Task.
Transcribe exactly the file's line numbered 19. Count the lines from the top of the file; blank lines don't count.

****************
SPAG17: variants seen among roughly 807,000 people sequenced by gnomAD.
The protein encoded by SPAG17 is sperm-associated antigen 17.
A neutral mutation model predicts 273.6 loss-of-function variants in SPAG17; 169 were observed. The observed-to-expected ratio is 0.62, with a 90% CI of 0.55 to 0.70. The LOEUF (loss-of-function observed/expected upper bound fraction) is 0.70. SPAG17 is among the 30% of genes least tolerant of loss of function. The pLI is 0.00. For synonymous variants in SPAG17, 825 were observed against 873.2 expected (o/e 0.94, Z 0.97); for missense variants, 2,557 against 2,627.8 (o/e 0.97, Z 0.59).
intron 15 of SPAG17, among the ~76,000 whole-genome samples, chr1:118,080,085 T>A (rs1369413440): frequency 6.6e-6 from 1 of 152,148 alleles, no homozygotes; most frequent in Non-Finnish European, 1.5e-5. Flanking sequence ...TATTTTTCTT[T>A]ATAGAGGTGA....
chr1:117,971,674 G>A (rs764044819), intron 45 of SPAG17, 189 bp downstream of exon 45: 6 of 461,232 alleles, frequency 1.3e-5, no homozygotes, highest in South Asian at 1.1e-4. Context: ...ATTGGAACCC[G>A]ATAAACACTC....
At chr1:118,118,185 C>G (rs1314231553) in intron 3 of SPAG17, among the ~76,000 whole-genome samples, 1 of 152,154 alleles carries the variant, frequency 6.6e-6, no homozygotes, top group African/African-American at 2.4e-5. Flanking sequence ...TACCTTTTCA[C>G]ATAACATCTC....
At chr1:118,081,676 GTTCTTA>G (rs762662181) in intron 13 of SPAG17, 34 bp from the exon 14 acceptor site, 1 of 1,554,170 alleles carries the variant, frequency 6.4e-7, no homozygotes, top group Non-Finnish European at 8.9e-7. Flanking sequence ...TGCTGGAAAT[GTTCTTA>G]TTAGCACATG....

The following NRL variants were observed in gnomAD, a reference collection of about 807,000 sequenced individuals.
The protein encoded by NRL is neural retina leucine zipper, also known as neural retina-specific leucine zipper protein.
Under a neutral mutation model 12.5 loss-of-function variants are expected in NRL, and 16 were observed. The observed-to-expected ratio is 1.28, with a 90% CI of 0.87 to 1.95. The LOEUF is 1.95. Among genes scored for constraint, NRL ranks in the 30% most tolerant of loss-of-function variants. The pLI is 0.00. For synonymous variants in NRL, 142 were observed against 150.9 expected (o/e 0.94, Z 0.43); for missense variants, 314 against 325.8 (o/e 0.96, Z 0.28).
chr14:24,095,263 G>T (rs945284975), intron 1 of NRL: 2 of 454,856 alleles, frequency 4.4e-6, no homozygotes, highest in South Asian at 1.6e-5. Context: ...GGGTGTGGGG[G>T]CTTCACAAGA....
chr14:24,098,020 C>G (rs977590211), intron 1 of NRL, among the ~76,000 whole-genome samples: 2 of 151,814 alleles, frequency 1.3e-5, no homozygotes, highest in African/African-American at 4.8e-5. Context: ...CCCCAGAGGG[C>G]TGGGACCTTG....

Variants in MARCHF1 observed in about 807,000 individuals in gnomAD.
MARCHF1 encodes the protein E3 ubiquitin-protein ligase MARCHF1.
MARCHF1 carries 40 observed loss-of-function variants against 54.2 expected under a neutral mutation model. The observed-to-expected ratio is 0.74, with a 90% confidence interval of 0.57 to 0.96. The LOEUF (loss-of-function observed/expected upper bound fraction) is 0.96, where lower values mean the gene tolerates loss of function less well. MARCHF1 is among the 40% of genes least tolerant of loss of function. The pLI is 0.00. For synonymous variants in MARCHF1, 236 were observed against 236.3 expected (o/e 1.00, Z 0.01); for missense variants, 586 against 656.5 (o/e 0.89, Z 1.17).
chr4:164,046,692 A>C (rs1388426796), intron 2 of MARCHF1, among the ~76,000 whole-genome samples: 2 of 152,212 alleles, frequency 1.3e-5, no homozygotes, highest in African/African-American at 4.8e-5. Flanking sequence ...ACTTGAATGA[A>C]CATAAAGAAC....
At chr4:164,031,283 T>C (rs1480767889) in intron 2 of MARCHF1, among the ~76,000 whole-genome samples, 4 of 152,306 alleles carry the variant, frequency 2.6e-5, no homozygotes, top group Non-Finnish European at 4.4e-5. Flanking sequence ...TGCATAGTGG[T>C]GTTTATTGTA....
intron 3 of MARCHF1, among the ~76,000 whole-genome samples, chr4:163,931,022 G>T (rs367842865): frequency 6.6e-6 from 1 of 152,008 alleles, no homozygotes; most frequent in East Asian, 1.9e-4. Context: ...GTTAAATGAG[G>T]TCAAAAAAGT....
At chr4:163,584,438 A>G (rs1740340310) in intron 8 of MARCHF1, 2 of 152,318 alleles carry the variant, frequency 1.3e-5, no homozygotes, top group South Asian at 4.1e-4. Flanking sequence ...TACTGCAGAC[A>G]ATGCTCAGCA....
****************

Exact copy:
At chr4:163,584,438 A>G (rs1740340310) in intron 8 of MARCHF1, 2 of 152,318 alleles carry the variant, frequency 1.3e-5, no homozygotes, top group South Asian at 4.1e-4. Flanking sequence ...TACTGCAGAC[A>G]ATGCTCAGCA....